MOCCA still searches for new home after condo deal
The Museum of Contemporary Canadian Art is still seeking a new home a little over a year before it, along with two neighbouring galleries and an animation school, is due to be booted from its Queen West location.
"It's very unfortunate," says Councillor Mike Layton. "I've met with them several times, there's been a couple of possibilities but nothing concrete, but unfortunately the city has no say over the tenant at the current site on Queen Street."
The former owner of MOCCA's current West Queen West location, which also includes Clint Roenisch Gallery, Edward Day Gallery, and Max the Mutt Animation School, sold to a developer in 2012, leaving the museum in limbo.
David Liss, artistic director and curator of MOCCA, says it was always been part of the gallery's long-term plan to move to a larger building when the Queen West lease expired, but it's been difficult finding a suitable location or a space to build one.
"There are a couple of scenarios that we've been working on but it's a difficult property market in downtown Toronto," Liss says. The ideal building would be double the size and somewhere between Dufferin, Bloor, and the Don Valley, but the museum has struggled to find one that checks all the boxes. MOCCA is also in talks with developers about building a new home.
Developer UrbanCorp submitted the first draft of its condo proposal in February.
MOCCA, a non-profit, arms-length City of Toronto agency was formed in 1999 out of the former Art Gallery of North York. Its mandate is to exhibit, collect, and promote innovative art by Canadian and international artists. Its lease, like those of the surrounding galleries, expires on Dec. 31, 2014.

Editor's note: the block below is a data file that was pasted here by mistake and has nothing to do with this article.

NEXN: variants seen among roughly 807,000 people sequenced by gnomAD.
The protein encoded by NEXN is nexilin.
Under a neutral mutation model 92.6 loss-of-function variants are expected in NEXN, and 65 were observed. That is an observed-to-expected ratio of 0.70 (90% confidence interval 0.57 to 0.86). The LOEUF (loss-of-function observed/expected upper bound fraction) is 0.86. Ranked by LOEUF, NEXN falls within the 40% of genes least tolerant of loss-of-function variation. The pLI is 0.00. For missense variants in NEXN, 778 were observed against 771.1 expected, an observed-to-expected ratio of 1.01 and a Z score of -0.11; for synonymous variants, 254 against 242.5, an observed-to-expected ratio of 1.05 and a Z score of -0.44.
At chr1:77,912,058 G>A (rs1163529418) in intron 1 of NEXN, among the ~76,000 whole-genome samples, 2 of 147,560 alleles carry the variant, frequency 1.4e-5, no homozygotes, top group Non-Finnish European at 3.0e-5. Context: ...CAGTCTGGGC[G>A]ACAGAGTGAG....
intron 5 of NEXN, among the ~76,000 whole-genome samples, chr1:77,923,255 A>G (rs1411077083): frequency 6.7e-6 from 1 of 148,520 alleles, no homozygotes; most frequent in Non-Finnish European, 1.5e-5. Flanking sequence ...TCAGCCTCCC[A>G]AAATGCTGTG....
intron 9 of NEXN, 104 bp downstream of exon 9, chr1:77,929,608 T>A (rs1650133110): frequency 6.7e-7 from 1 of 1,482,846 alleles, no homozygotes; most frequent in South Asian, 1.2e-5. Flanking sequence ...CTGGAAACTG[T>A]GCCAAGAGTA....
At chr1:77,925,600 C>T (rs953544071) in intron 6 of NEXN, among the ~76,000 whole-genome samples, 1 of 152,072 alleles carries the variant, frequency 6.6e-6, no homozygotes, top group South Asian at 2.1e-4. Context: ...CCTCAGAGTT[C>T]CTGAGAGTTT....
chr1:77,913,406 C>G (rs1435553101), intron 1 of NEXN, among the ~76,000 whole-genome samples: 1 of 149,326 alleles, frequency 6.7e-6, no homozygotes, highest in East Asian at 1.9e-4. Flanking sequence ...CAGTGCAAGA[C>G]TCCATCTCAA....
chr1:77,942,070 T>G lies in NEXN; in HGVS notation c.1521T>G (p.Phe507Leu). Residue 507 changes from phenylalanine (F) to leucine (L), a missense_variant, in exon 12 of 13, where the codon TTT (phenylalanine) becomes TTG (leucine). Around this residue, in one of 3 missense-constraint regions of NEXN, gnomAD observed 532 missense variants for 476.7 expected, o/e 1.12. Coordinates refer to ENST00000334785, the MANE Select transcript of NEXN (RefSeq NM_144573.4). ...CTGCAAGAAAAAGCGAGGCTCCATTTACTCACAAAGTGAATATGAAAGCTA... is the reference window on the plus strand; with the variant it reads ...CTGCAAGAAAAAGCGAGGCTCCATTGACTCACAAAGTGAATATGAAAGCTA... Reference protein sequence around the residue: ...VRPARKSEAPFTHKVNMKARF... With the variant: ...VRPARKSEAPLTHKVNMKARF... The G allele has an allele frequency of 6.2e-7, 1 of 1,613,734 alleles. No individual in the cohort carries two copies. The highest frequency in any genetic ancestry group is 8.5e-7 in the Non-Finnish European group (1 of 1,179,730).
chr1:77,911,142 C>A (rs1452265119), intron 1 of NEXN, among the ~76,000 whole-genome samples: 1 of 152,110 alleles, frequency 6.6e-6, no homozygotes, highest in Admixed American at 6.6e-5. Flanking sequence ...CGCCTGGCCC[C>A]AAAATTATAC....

As it currently stands, the nine-storey condo would be built flush against the Queen West sidewalk, removing the existing multi-building layout. A total of 151 units, most of them one-bedroom, would be placed about 851 square metres of retail at ground level.
The 26.9 height is almost 11 metres over the current limit for that particular stretch of Queen West. City planners told the developer to scale down their plans but are still waiting for a revised proposal.
"The existing application is well outside what I believe would be an appropriate scale of building," says Layton. "What's on the books for that area is a mid-rise building, but having said that the mid-rise guidelines of the city set certain perimeters for how big a building should be and this building is well outside of them."
"It's a classic case of gentrification," says Clint Roenisch of the eponymous gallery. "It's ironic these projects tend to go to cultural areas, which then have to be displaced." The president of the eponymous gallery said UrbanCorp have been good landlords but his new location will be away from Queen West.
"It's a shame to see MOCCA go," Layton says.
"They're an incredible asset to the city and they're part of the very fabric of the community and that's why we're trying to find every of opportunity for them to remain within the community, in as far as we can."
Chris Bateman is a staff writer at blogTO. Follow him on Twitter at @chrisbateman.
Photo by Drum118 on Flickr
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